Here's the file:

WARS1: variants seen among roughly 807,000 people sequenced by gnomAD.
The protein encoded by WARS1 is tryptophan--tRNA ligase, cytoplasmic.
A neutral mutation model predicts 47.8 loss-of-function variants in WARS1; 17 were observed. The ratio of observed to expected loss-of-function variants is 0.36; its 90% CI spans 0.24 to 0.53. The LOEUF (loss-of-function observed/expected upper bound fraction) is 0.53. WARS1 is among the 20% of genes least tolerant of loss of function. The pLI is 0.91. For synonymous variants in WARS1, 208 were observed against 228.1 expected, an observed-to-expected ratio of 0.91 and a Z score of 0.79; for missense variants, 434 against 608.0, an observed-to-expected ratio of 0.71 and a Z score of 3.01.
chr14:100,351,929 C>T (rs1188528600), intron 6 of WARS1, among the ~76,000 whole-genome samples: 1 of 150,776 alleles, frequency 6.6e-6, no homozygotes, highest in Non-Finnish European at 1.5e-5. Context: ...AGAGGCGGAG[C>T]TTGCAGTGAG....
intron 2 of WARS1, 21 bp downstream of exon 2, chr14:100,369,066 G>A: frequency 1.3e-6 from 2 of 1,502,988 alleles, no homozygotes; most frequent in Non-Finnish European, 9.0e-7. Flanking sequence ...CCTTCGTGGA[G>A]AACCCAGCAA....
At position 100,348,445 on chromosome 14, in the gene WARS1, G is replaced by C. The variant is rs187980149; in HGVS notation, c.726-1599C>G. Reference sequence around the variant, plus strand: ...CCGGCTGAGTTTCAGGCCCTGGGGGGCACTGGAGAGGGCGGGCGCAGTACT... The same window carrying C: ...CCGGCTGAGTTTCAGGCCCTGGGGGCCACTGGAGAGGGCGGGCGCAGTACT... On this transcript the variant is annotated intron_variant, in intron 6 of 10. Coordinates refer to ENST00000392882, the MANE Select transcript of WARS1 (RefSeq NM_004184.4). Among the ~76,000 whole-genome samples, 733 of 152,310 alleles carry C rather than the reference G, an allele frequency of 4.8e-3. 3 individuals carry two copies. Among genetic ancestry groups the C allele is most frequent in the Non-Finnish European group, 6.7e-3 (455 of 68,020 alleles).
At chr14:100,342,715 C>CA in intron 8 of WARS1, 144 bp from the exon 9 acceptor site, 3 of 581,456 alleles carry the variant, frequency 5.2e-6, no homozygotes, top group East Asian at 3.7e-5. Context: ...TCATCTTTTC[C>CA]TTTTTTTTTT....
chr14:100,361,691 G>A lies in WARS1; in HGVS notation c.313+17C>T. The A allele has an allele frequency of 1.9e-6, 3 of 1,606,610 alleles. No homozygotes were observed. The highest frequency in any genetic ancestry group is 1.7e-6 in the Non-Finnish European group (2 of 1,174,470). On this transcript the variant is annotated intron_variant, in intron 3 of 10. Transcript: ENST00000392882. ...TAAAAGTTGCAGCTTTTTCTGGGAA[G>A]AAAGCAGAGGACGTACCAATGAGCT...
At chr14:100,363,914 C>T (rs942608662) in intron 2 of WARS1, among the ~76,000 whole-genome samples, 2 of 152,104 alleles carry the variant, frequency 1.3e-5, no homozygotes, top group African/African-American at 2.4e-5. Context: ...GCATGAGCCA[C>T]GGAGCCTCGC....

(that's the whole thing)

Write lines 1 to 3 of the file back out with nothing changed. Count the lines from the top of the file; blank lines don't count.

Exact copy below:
WARS1: variants seen among roughly 807,000 people sequenced by gnomAD.
The protein encoded by WARS1 is tryptophan--tRNA ligase, cytoplasmic.
A neutral mutation model predicts 47.8 loss-of-function variants in WARS1; 17 were observed. The ratio of observed to expected loss-of-function variants is 0.36; its 90% CI spans 0.24 to 0.53. The LOEUF (loss-of-function observed/expected upper bound fraction) is 0.53. WARS1 is among the 20% of genes least tolerant of loss of function. The pLI is 0.91. For synonymous variants in WARS1, 208 were observed against 228.1 expected, an observed-to-expected ratio of 0.91 and a Z score of 0.79; for missense variants, 434 against 608.0, an observed-to-expected ratio of 0.71 and a Z score of 3.01.